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Fannie Farmer
Ceramic Sculpture
12"x 13" x 10"

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Fannie Farmer (1857-1915)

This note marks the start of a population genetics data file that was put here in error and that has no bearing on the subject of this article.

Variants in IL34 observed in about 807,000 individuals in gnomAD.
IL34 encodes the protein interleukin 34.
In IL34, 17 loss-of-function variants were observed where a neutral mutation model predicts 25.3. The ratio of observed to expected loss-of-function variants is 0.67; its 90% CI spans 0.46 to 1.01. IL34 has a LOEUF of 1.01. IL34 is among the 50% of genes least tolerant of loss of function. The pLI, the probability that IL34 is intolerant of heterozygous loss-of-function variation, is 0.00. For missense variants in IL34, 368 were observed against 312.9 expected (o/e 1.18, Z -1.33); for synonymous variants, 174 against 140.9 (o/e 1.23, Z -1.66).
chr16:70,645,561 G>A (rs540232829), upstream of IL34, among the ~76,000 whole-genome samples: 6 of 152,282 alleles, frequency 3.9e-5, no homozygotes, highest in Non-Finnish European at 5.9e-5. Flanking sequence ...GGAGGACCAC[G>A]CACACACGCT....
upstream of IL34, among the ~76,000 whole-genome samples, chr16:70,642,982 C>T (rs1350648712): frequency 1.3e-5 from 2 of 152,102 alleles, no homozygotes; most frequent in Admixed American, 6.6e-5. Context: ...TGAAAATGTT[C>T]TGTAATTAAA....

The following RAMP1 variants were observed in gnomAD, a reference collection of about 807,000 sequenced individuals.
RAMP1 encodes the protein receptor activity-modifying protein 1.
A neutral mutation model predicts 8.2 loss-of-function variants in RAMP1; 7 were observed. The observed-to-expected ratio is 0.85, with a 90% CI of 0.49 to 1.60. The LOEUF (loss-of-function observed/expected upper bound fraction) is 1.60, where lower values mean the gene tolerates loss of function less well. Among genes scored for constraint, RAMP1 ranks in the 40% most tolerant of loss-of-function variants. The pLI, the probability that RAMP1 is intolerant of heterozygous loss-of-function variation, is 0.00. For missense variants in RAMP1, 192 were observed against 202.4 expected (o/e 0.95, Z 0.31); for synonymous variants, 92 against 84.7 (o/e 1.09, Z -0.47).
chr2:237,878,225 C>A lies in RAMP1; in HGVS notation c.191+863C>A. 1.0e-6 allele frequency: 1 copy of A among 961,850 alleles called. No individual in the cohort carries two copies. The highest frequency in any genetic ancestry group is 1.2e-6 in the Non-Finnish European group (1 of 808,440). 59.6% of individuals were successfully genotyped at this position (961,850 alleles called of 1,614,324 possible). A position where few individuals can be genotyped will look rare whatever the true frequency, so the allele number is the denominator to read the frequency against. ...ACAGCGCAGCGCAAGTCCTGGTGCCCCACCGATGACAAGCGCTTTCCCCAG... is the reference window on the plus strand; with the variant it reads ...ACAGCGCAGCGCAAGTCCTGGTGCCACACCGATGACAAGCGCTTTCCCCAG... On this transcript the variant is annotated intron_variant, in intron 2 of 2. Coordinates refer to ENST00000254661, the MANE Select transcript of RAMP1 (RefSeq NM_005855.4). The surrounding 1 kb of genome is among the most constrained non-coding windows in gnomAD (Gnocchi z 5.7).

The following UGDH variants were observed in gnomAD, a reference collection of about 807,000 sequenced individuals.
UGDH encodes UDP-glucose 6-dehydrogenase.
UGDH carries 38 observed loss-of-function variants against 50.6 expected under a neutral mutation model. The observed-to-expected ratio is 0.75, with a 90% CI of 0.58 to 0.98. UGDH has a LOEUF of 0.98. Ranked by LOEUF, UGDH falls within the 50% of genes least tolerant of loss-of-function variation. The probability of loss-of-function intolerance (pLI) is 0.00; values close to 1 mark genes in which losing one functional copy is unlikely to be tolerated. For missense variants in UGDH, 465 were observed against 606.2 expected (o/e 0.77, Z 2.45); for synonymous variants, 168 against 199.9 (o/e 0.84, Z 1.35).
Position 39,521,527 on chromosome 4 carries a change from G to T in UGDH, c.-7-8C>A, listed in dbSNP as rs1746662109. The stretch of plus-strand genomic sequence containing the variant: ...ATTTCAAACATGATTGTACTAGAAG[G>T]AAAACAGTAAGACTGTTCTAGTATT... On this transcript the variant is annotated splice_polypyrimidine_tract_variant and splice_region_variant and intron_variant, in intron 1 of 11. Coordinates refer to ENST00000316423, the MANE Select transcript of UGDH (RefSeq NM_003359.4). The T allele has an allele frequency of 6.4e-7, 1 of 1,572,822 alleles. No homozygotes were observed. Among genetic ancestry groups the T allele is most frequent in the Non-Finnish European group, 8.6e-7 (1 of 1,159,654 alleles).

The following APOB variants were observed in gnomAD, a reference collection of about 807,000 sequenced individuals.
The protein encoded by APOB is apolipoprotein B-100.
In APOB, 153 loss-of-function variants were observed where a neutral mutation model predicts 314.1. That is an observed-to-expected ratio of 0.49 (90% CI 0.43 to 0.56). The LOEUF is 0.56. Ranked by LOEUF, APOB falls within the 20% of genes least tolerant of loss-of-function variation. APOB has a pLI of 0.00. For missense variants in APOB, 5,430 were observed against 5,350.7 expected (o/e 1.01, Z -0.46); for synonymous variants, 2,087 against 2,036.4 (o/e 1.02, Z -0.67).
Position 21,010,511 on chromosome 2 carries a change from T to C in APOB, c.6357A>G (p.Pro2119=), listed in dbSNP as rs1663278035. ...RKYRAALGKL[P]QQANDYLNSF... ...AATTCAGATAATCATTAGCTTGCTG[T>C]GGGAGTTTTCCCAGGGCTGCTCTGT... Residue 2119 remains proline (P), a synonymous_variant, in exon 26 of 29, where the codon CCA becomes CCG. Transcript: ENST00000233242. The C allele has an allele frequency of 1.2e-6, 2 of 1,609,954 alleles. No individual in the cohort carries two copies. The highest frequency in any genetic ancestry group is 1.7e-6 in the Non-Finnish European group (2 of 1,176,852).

Farmer was born to a Boston family that valued education. She was expected to go to college, however, she contracted polio at 16 that ended her formal education. Unable to walk she convalesced at her parent's home until the age of 30 when, now walking, she enrolled in the Boston Cooking School. She was a stellar student and stayed on as the school's Assistant Director. In 1891 she was made School Principal. In 1896 she published "The Boston Cooking-School Cook Book" that introduced the concept of using standard measuring spoons and cups for recipe ingredients. It also included scientific explanations of chemical processes that occur in cooking. Before Farmer's cook book, recipes called for a "piece" of butter or a "teacup" full of milk. Farmer standardized recipes with precise measurements earning her the title of "the mother of level measures." The book's publisher did not hold high hopes for the volume, printing an initial run of only 3,000 copies at Farmers expense. Farmer's book proved so popular that it is still in print today 100 years later. the book has been published in 13 editions. In 1965 the book was retitled "The Fannie Farmer Cookbook." In 1902 she left the Boston School and created her own school called "Miss Farmer's School of Cookery" where her interest turned toward cooking for the ill and convalescent. She lectured at Harvard University to nurses and doctors about the power of proper food for people who are recovering from illness. Her work on food preparation for the sick emphasized the importance of appearance, taste and presentation for people with reduced appetites.